This list represents a summary of the past forty years of service design literature. The citations were compiled from the Emergence conference at Carnegie Mellon University as well as the Designing for Services project in the UK, service design syllabi at CMU and independent research. I've included the abstracts and introductions to the papers and cross-referenced examples and concepts so that it's easy to follow the development of ideas such as "service blueprinting" across multiple papers.
Select any underlined term to filter the list, showing only papers that share that particular concept, example, author, journal or decade. If you'd like to help fill in the gaps by suggesting other canonical papers, e-mail the citations to service at howardesign.com. Thanks!
From the article: "This article deals with service development from a quality perspective. Our point of departure is to build in the right quality from the start. The article presents a new frame of reference for new service development based on empirical studies in Sweden. It argues that the main task of service development is to create the right generic prerequisites for the service. This means an efficient customer process, that is to say the process must be adapted to the logic of the customer !v behaviour and a good customer outcome, i.e., the service is associated with quality. We distinguish three main types of development: the development of the service concept, the development of the service system (resource structure) and the development of the service process."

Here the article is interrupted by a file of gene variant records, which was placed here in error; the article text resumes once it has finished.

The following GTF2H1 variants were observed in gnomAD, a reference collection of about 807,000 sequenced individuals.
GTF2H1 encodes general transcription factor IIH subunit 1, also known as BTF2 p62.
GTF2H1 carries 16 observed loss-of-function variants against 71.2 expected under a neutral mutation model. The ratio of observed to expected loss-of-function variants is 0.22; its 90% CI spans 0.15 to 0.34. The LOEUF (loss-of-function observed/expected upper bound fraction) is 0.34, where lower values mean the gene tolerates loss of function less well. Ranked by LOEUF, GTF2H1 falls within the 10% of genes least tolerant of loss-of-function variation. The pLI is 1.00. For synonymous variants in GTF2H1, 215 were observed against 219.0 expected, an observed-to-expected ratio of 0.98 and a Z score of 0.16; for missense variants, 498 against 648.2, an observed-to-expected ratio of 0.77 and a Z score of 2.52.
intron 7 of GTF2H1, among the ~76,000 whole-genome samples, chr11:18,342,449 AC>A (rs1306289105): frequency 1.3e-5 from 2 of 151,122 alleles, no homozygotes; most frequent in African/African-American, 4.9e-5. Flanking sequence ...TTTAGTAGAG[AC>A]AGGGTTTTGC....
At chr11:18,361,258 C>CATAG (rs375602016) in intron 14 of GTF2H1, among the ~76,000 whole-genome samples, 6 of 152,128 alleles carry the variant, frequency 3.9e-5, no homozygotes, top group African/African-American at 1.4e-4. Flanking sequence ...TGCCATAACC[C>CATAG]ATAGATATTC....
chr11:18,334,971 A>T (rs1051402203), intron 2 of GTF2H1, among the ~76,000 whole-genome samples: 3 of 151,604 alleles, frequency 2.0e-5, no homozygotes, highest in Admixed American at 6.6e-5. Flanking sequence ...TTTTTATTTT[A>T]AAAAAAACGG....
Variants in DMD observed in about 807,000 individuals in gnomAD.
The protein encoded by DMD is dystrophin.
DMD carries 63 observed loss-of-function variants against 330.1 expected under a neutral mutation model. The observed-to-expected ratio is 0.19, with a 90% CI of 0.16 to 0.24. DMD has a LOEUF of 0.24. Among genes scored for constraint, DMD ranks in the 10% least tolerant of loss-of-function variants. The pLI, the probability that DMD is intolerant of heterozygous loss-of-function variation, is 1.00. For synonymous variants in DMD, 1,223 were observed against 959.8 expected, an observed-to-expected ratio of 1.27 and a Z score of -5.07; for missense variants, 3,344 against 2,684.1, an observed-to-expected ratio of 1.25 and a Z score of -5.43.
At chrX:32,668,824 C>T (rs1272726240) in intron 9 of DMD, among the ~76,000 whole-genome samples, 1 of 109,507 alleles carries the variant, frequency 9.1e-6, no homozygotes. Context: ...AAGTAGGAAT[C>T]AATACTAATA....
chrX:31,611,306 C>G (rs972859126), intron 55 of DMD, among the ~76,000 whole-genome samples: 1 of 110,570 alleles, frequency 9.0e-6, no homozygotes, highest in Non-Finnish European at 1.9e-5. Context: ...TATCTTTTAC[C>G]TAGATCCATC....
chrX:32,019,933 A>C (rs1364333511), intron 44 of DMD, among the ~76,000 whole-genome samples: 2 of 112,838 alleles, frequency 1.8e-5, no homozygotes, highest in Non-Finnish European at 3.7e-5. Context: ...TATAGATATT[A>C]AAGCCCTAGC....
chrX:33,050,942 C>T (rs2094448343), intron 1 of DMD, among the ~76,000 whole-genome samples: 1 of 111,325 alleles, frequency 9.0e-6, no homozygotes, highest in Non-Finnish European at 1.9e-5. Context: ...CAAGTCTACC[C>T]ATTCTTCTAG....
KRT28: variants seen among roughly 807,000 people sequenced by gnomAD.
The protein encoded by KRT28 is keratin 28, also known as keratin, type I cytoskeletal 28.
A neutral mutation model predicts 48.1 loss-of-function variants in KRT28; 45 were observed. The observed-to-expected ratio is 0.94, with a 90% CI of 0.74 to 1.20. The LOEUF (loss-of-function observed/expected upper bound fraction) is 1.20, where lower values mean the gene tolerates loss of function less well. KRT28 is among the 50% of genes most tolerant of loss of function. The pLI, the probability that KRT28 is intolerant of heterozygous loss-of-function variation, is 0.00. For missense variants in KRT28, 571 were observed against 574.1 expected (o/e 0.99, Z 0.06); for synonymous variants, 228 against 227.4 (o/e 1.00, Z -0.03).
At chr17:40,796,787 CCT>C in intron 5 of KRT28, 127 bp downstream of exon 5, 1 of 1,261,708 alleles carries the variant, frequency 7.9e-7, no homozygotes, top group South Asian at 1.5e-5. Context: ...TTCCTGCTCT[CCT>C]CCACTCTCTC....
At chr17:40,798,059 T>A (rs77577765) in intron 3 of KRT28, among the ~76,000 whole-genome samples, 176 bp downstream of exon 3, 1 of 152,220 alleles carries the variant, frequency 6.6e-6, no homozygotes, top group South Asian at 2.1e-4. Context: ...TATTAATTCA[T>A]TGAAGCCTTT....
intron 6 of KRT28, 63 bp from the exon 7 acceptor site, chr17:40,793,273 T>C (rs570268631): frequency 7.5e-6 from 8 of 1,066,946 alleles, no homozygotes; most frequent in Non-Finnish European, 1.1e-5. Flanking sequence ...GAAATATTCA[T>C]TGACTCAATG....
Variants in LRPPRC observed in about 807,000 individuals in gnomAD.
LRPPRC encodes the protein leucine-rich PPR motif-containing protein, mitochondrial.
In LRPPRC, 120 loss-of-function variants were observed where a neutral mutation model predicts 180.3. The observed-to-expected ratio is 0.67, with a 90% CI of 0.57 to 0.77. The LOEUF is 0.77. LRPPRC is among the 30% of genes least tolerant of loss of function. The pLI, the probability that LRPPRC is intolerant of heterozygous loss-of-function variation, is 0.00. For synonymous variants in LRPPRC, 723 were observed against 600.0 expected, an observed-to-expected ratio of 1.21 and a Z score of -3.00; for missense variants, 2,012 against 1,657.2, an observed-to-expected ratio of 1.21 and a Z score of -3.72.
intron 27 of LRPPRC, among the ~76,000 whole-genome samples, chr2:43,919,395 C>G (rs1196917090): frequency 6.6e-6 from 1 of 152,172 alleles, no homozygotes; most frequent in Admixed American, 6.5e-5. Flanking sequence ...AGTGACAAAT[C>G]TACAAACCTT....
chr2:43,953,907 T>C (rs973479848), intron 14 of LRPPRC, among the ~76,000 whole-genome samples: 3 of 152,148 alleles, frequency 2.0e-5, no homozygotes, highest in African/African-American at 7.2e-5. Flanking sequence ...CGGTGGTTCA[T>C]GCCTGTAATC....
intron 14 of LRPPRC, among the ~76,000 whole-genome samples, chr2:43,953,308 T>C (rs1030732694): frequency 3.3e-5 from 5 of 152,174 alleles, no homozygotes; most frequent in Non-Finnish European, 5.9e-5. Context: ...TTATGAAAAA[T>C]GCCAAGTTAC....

Example: Swedish Telecom
From the article: "The service concept plays a key role in service design and development. But while the term is used frequently in the service design and new service development literature, surprisingly little has been written about the service concept itself and its important role in service design and development. The service concept defines the how and the what of service design, and helps mediate between customer needs and an organizationís strategic intent. We define the service concept and describe how it can be used to enhance a variety of service design processes. As illustrations here, we apply the service concept to service design planning and service recovery design processes. Employing the service concept as an important driver of service design decisions raises a number of interesting questions for research which are discussed here."